Chris in running for space prize

Chris Stott, the Island’s honorary representative to the space industry (and friend of NAMA and GWAMS), has been shortlisted for the Entrepreneur of the Year award by the British Interplanetary Society. Chris is chairman and CEO of ManSat and as every reader of this blog knows, his wife, Nicole is a NASA astronaut.

Also in the running for the Entrepreneur of the Year award are Virgin boss Sir Richard Branson, who is pioneering the concept of space tourism, and David Williams of Manx-based company Avanti Communications.

‘The news came as a complete surprise,’ said Mr Stott when Business News contacted him by email at his home in Houston, Texas. ‘I’m stunned and thrilled at the same time. I consider this very much a team effort though, with all at ManSat and the government being honoured. I’m up against Richard Branson and David Williams of Avanti, also an Isle of Man company, so I might not have much of a chance, but just to be nominated is wonderful.’

The winner of the award will be announced at the Sir Arthur Clarke Gala Awards Ceremony which takes place at the end of the UK Space Conference which runs from March 24 to 28. The awards evening will be a black-tie dinner at Charterhouse School in Surrey and is the UK space industry’s equivalent of the Oscars.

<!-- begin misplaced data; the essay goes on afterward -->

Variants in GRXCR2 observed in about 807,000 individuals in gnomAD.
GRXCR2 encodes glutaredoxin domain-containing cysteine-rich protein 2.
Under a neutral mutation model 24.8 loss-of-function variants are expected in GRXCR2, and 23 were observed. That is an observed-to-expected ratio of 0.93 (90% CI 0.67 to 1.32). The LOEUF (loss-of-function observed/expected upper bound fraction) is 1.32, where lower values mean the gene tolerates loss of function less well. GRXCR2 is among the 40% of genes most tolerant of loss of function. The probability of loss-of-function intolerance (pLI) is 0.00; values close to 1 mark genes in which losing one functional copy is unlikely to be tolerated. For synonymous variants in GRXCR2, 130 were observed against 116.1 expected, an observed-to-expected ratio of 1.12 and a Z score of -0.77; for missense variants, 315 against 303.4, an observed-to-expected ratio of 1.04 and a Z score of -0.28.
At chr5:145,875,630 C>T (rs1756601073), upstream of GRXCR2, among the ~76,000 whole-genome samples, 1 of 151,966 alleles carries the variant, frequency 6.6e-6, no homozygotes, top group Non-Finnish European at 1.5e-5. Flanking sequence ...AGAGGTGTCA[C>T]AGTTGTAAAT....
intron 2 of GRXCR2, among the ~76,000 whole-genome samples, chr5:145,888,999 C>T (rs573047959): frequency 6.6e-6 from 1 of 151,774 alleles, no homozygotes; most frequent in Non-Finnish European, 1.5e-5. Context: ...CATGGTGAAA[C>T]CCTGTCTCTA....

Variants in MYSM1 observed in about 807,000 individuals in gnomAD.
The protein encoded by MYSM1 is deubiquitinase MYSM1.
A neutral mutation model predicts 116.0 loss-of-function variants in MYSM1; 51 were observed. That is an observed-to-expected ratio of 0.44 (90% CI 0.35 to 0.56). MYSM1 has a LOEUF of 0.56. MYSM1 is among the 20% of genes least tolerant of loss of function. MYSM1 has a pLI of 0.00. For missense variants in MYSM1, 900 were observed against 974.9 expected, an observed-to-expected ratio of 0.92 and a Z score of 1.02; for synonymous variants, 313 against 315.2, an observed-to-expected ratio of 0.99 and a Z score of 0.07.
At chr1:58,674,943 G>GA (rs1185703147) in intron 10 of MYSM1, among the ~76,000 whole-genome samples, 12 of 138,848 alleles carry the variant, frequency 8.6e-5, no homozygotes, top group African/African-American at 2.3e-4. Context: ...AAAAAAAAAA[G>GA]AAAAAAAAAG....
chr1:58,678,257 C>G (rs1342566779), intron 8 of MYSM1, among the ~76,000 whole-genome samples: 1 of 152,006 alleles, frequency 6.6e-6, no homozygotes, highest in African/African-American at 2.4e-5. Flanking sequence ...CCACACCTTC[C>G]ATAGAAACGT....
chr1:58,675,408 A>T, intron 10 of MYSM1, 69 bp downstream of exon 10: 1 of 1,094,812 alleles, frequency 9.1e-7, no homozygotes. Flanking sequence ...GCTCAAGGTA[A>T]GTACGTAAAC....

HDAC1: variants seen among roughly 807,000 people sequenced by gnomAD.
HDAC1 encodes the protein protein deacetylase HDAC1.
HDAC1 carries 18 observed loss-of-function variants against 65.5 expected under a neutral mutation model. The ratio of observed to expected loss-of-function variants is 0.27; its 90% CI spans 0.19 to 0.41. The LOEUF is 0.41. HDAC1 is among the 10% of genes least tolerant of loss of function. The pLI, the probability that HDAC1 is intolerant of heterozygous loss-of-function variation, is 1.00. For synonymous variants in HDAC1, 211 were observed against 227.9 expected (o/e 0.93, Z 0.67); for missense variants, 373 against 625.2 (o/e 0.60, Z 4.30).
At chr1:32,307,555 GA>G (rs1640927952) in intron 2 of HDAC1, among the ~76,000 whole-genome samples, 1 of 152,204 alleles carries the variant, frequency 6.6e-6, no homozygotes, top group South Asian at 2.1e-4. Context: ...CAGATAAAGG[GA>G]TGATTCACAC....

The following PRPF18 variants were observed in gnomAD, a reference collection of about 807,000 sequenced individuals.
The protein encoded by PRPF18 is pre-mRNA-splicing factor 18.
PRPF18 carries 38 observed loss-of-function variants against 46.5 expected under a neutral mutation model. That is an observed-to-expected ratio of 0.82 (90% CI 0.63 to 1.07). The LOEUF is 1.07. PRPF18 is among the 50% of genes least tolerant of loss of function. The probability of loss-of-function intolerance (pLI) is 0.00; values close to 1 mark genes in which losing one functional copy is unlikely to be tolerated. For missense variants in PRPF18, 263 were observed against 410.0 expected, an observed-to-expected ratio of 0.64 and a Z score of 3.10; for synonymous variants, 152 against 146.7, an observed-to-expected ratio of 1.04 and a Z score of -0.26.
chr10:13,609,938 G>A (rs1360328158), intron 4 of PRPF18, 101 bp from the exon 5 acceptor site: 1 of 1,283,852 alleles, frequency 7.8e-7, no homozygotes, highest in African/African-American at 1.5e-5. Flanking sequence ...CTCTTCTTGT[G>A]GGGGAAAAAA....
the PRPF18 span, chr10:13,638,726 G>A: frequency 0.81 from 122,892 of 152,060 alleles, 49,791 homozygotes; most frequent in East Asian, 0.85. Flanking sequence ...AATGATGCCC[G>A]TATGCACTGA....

Mr Stott says that he is especially proud of the nomination as the awards are named in honour of the science fiction writer and visionary Sir Arthur C Clarke whose most famous work was 2001: A Space Odyssey.  The book was the basis for Stanley Kubrick’s cult movie. Sir Arthur also had many visionary ideas about space exploration and was the first to foresee the potential for using satellites for global communications.

‘While Richard Branson is doing new things in sub orbital space, we at ManSat are just trying our best to continue Sir Arthur’s legacy, he did invent the idea of geostationary satellites after all,’ said Mr Stott. ‘He also passionately believed in free minds and free markets. Freedom to Flourish does work in space and I like to believe that if he were still with us today that he would be a great supporter of our work in the Island. It is little known that Sir Arthur was seminal in our work at ManSat and for the Island. From his time as Chancellor of the International Space University to conversations we had when he encouraged me to attend ISU and to think about satellites, he has inspired me from day one. Even being nominated for this award means so much. I feel like he’s still up there with his shoulder to our wheel.’